Deconstructing the Queen (Virtual Reality No. 9)

You are sitting, naked from the waist up, wearing only a PROSE STYLE so deliberate that his-
tory envelopes you. Official portraits rest on your knees--life-sized photographs of a seat-
ed woman bending sharply forward at the hips, inscribed with the words, "Her innocence,
her lightness, the DELICACY with which she suggests moods, her plasticity. . . ."
Flames lick up the leg of your chair. Jackhammers. AUTOMATIC FIRE. Blood pools on the linoleum
and speckles the lens. The cigarette burning down in the ashtray is of very high quality
and one of the GREATEST JOYS of your life. Someone is moving around in the next room,
coughing, eating with his hands, wearing a white sweater, turning cartwheels. You watch
with your EYES CLOSED. Each frame radiates ANXIETY AND LOVE. You adore the tears
glistening in his eyes. Noises drift up from the street far below. FREEZE FRAME: A distant
man carrying off your throne. You see yourself suddenly neutral with regard to the coro-
nation regalia, closer to the contemporary philosophy of PROJECTION. Your right hand is on
your thigh, and you fondle with your left hand an agitated little dog which has its own
JEWELED COLLAR. The merciless distance that comes with exile is the real opulence that
situates you in the world, the real helter-skelter of your existence: PEOPLE, TRAIN STATIONS,
HORSES, TREES, ROADS, HOUSES, CASTLES---an endless number of unfathomable forking
paths. Where the throne-thief turns toward a subjective phenomenology, you keep a critical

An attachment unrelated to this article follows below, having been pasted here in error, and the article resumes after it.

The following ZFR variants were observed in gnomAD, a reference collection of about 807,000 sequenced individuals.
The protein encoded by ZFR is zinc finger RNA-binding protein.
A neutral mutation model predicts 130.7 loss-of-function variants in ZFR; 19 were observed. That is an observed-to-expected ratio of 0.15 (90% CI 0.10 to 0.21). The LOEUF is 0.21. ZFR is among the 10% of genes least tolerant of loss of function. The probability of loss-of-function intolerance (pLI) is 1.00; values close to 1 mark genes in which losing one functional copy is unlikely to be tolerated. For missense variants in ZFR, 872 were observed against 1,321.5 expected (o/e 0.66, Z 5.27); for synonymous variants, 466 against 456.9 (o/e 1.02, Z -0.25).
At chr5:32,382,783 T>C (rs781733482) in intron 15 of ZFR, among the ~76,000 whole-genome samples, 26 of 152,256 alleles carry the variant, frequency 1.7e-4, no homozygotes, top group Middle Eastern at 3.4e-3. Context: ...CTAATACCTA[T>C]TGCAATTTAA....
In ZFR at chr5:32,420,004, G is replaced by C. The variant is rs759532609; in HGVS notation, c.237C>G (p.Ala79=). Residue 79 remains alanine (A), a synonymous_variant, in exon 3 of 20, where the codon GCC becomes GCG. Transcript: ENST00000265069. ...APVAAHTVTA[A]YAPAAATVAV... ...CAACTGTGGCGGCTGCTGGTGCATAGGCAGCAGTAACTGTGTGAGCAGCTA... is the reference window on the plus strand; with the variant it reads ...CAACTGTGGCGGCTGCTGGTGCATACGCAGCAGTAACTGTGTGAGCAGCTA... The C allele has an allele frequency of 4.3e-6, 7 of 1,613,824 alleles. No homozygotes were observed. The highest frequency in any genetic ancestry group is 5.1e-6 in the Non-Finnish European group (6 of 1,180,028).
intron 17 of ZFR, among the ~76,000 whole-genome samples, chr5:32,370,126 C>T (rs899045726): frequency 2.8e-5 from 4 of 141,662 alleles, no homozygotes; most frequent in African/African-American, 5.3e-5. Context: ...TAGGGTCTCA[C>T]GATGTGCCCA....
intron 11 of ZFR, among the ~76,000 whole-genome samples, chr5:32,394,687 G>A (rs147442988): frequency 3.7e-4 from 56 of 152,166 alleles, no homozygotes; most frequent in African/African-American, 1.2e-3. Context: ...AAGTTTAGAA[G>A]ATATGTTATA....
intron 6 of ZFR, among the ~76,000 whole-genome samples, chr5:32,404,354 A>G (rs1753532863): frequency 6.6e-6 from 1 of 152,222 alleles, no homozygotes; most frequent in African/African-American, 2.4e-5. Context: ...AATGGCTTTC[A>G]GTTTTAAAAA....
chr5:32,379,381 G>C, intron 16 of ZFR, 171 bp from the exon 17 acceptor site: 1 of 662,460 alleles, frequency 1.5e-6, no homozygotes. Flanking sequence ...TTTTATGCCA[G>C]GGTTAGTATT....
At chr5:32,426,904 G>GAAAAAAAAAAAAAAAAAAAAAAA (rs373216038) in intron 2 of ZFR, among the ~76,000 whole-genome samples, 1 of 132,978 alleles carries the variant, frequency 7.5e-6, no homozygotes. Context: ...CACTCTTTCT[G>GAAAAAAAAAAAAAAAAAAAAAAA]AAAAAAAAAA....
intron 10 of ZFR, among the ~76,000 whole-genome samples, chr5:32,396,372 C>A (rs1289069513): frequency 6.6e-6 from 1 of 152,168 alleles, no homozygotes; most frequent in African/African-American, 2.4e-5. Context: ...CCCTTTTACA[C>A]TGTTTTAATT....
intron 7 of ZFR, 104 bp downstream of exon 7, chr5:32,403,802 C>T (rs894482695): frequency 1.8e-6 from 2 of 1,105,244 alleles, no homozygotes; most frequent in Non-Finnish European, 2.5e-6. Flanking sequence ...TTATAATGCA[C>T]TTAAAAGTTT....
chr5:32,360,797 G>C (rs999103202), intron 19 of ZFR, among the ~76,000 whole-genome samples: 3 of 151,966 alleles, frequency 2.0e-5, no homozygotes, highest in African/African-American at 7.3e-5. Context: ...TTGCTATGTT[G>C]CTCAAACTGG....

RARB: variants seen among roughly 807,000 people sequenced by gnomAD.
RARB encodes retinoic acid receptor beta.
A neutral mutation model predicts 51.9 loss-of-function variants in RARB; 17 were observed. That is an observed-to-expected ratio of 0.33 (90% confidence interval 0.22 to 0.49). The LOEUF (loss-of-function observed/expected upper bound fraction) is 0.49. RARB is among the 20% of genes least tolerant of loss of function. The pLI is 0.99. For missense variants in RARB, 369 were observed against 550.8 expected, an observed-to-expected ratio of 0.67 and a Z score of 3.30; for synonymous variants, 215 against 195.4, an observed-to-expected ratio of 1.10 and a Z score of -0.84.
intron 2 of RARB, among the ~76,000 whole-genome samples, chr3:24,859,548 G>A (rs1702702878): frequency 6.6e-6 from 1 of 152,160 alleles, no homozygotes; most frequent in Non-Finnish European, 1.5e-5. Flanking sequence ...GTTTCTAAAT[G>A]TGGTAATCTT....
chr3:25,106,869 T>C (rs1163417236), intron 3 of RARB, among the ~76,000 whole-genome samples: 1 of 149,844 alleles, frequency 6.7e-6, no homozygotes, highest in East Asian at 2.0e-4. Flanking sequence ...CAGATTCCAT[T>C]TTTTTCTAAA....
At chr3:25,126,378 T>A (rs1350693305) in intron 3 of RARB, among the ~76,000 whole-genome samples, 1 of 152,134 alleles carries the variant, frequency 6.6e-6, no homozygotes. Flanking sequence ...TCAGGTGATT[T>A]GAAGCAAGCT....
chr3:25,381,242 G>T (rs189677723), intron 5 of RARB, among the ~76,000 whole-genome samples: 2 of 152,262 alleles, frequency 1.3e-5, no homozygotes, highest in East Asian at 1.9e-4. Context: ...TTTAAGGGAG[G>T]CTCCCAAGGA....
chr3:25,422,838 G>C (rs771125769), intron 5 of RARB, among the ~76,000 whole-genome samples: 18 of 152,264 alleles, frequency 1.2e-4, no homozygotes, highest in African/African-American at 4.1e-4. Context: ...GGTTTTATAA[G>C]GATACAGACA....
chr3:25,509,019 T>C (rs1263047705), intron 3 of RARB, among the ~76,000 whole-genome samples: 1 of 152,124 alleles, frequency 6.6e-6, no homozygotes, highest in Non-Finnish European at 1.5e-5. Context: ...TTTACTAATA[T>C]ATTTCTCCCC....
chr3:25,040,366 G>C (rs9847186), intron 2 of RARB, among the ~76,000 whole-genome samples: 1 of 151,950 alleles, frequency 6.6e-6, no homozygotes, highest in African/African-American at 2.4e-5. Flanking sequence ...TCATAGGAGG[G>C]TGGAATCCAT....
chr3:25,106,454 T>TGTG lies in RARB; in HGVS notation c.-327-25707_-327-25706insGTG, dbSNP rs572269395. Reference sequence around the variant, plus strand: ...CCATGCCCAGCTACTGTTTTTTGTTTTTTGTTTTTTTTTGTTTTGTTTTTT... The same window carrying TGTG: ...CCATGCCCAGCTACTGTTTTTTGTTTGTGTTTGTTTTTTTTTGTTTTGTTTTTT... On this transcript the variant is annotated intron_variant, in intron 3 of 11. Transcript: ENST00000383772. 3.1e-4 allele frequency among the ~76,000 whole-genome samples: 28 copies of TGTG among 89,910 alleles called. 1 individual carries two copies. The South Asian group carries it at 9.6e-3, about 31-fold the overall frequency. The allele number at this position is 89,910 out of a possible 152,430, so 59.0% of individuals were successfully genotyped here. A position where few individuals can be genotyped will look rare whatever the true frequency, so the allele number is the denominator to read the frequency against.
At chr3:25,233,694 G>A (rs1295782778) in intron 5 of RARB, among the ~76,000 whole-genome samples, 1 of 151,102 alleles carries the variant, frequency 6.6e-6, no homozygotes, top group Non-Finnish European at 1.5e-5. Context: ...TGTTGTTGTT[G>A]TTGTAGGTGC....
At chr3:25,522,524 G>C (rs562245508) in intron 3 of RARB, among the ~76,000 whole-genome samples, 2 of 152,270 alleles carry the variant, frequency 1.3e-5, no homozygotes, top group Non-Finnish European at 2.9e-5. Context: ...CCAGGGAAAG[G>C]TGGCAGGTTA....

focus based in the smell of FACE POWDER, COFFEE, AND CREAM CAKES---a voluptuously
entropic montage of semi-autobiographical details and not-exactly-painful but never-
theless inexplicable point-of-view shots, the plot spinning off mini-narratives and non sequiturs.
Behind you, a moment later, the KING appears. He wears a black leather jacket and aviator
glasses. No Rollses, no Bentleys, no sirens, no flags. You are SOAKED IN SWEAT. You get up,
go over to the window and close it. Still, a dream in which the longings of your senses are
impossibly fulfilled persists. You turn on the faucet in the TINY WASHBASIN, you pass a
DAMP WASHCLOTH over your forehead, the back of your neck, your shoulders. You are
beset by seizures, unremitting pain, and involuntary wailing. INTENSE FALL OF LIGHT onto
your right breast and into the whitened pages of the book you have put aside. You flash a T-
sign: TIME OUT. Later, people come because you are beautiful--a grand opera of silence
and maternity--and are then AWED BY YOUR DISCONTINUITY. It's not a premeditated
action, or rather it's not an action at all, but an absence of action, an action you do not per-
form. Dressed in pink jeans and a pink T-shirt, you appear CATATONIC on the ladderback
brought in to replace the throne. You are accused of having had plastic surgery on your
face. Rumors of some sort of ANNUNCIATION, the message unclear. Of a creature with 140
pairs of wings. Taxi drivers and shopkeepers kiss your feet and grovel amiably. You slide
toward an uncanny realization of your own ALIEN NATURE, a confusingly kinesthetic mon-
tage: day after day you walk; with bowed head you walk; you walk; you achieve nothing;
you stop, move on, move on; you have lost all sense of direction. The associate curator
DEFINES you as "a devious architecture, a slippery architecture that SLIDES UNCONTROL-
LABLY from the familiar into the unfamiliar." Bickering ensues. As object of lectures four
times a week, you are COMPOSED OF MANY MEANINGS. As a building you're beautiful,
which aggravates the more modern faction. You are force-fed bullock's meat, butter and a
drink of sugared water, sake and tapioca blended together and sprinkled with SWEET VINE-
GAR. Debates about the relative merits of fat versus thin icons rage, moderators gesturing
like referees. YOU WALK ON, keeping close to the river; you stop and examine your feet;
you set off again; stop; turn your back on the river. Now you have made your choice. You
are really going home. You are mistaken. Your memory is slowly penetrated by oblivion.

Karen Kelley

read the author's Bio and Working Notes

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